Public assistance and a second chance for deportees

This week we asked the man and woman in the street whether they thought deportees should be given a second chance on their return to Guyana and whether some form of public assistance should be provided for them by the government or other institution to help them get back on their feet.

Interviews and photos by Abigail Semple and Frances Abraham

Harold Woodman – teacher:
‘Yes they should be given a second chance. That would be the humane thing to do. You don’t know the position they were in to cause them to do it. And it depends on the laws of that country. However, I would limit the assistance to job opportunity and education, nothing monetary. The government should have some form of assessing these persons, for monitoring and regulation. And also it should depend on the crime they’ve committed. I’m not sure about monetary assistance since some Guyanese work here for so many years and have contributed so much and they are not getting any assistance.’

Joseph Roberts – private sector employee:
‘They should be given assistance when they come back to Guyana, because they would be idle. Therefore they should be given a job or an institution should be provided where they can learn a trade that will keep them occupied.’

Akbar Khan – self employed: ‘No, but they can have a community formed and those drug addicts should be placed in rehab. When they are clear of that they should then train them in an area so they can go out and find a job.’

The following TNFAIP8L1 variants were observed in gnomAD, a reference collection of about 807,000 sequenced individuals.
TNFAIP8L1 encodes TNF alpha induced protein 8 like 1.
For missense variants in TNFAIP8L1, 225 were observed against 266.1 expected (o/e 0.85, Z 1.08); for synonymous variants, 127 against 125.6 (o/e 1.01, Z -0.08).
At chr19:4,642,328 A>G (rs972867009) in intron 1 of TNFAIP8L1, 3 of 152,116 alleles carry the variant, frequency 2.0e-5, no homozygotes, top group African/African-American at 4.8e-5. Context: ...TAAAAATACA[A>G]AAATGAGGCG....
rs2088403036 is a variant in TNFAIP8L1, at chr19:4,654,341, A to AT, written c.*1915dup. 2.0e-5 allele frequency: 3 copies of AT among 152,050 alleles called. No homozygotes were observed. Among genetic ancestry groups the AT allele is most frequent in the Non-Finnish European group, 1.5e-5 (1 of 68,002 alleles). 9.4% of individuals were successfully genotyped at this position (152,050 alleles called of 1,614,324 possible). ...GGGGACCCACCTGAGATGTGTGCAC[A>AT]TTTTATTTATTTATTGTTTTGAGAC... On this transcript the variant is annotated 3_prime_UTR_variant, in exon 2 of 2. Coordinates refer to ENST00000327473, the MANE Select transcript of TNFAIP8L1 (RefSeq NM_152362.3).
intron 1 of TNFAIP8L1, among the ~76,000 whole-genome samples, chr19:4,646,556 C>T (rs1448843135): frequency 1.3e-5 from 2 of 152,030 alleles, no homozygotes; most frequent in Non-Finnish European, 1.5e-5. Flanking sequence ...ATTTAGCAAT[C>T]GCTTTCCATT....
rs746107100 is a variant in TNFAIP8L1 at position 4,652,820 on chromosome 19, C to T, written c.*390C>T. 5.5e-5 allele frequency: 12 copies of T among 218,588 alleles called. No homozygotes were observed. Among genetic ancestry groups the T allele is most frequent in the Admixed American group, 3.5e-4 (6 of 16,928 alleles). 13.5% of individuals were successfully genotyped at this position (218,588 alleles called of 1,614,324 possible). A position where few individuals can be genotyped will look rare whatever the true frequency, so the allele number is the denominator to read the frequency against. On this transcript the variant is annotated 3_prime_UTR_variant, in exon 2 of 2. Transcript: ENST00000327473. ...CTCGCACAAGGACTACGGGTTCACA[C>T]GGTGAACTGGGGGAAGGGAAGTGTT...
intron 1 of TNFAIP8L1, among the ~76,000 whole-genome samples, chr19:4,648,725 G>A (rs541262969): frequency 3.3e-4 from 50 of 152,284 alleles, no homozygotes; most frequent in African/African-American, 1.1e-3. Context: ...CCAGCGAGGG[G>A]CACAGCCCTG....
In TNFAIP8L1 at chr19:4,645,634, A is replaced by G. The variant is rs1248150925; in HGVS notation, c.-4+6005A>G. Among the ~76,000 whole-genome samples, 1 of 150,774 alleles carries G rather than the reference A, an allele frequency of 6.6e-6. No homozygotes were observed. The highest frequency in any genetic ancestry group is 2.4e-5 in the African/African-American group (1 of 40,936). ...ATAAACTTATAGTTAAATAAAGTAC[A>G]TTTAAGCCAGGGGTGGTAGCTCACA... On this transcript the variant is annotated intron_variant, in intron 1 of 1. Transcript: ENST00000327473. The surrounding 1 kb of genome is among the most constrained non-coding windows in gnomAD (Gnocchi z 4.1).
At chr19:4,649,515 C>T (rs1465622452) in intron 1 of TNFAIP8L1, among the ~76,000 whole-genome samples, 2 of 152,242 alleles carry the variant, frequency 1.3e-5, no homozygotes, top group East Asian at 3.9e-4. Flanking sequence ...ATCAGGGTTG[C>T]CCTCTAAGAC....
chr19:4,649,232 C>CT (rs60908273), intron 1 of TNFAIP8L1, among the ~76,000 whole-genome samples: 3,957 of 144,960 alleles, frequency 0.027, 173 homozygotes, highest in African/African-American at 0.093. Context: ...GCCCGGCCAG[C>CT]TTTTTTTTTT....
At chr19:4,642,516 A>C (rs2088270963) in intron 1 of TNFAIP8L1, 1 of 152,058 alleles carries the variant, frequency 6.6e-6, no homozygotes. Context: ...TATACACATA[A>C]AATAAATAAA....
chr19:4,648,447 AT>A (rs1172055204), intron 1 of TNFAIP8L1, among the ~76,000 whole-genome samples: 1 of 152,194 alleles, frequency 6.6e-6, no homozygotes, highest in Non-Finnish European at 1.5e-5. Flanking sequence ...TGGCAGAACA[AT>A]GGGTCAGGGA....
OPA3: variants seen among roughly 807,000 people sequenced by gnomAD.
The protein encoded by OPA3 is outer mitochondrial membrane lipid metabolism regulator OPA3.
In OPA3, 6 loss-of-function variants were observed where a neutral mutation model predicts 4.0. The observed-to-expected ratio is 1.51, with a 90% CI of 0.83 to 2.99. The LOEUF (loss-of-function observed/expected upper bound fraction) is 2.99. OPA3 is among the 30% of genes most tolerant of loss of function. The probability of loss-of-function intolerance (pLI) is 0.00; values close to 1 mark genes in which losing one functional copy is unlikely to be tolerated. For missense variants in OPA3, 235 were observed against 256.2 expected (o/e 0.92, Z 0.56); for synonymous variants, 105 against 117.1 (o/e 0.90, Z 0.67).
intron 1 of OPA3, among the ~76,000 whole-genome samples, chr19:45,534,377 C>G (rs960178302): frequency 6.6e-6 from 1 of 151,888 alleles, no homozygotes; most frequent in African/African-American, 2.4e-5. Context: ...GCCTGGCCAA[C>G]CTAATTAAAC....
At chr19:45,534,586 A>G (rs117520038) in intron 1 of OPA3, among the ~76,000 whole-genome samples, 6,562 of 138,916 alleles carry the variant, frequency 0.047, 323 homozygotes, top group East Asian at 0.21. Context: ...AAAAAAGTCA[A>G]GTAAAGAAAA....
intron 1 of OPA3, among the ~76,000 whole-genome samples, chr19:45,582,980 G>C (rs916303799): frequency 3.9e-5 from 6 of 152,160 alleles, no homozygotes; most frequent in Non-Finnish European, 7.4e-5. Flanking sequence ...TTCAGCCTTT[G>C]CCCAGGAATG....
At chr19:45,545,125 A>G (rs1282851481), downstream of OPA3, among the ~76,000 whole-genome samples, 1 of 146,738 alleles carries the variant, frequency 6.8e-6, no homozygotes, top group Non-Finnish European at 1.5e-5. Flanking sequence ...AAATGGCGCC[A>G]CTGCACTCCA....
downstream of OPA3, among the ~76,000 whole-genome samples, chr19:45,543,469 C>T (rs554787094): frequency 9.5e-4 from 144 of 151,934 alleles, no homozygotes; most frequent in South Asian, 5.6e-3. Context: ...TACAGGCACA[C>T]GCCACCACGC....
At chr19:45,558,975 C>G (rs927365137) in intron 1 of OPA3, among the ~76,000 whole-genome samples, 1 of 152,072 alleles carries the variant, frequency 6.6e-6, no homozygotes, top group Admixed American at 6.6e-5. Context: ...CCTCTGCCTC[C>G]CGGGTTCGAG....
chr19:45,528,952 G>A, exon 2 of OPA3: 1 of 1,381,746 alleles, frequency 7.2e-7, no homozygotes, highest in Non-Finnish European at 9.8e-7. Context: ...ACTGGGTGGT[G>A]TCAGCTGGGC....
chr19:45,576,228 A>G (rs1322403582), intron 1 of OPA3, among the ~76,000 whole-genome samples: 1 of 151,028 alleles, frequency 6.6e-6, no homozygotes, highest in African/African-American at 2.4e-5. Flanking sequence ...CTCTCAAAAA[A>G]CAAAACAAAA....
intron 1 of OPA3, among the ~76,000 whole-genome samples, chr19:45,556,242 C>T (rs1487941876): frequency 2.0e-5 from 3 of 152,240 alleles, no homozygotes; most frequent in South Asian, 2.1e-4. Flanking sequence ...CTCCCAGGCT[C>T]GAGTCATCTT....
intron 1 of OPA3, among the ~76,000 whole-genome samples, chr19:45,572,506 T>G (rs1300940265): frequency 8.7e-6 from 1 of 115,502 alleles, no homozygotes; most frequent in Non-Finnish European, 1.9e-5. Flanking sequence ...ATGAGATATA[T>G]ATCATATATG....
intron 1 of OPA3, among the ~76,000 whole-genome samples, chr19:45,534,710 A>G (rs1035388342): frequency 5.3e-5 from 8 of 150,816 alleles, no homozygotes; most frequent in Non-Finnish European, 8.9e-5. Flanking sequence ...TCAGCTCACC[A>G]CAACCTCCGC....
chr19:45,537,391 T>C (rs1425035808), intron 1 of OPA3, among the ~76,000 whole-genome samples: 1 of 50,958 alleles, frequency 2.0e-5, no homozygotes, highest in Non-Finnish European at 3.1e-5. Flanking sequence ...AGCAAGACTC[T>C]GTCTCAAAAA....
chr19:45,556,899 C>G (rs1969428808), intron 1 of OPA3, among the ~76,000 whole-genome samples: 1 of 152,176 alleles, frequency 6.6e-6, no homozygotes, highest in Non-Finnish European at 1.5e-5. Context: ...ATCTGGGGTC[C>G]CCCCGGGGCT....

Patricia Gomes – housewife:
‘It all depends on what they got deported for. If it’s a criminal record, then no, not a blind dime. But if it’s simply overstaying their time, then yes.’

Shannon Heyliger – private sector employee: ‘I think they should be given a second chance depending on the extent of the crime. Everybody should be given a second chance, but if it’s something serious, then it’s necessary for them to be monitored.’

Norma Hughes – public sector employee: ‘Well, giving them that kind of assistance will help them to reintegrate back into society, especially if they have been deported for drug related crimes, because you wouldn’t want them going back to that. Also they should not just be given monetary support, but support in all forms, such as rehab and moral support. This way they will not feel rejected in society because of the stigma placed on them, and this may even help to change them to become a better person.’

Odessa Alleyne-Chester – public sector employee: ‘I think they should be given a second chance, but away from other persons, and depending on the crime they should be counselled and advised. Some sort of facility should be arranged for this, because instead of benefiting society they will harm it.’

Floyd Christie – private sector employee:’ Yes, they should be given assistance, but not right off the bat. I think they should be offered counselling first and those that the counsellors deem mentally inclined to do better and who he/she sees genuinely wants to better themselves should be given assistance. Assistance should also be given based on the offence committed.’

Juanita John – teacher: ‘Deportees are like many who have made mistakes, and they should be given a second chance at life. If Christ can forgive hard core criminals, why should we do any different? We should not condone the wrongs they have done, nor should we look down on them as lesser or unworthy individuals. We must give them a chance.’

Clinton Dubissette – student:
‘Yes, I think that they should be given a second chance and offered some form of public assistance. This is so because this is their native land and they belong here. They should be treated as equal Guyanese like the rest of us, and they should be able to have health care and other assistance from the government and the public at large. No one is perfect. This is my view on this deportee issue.’

Around the Web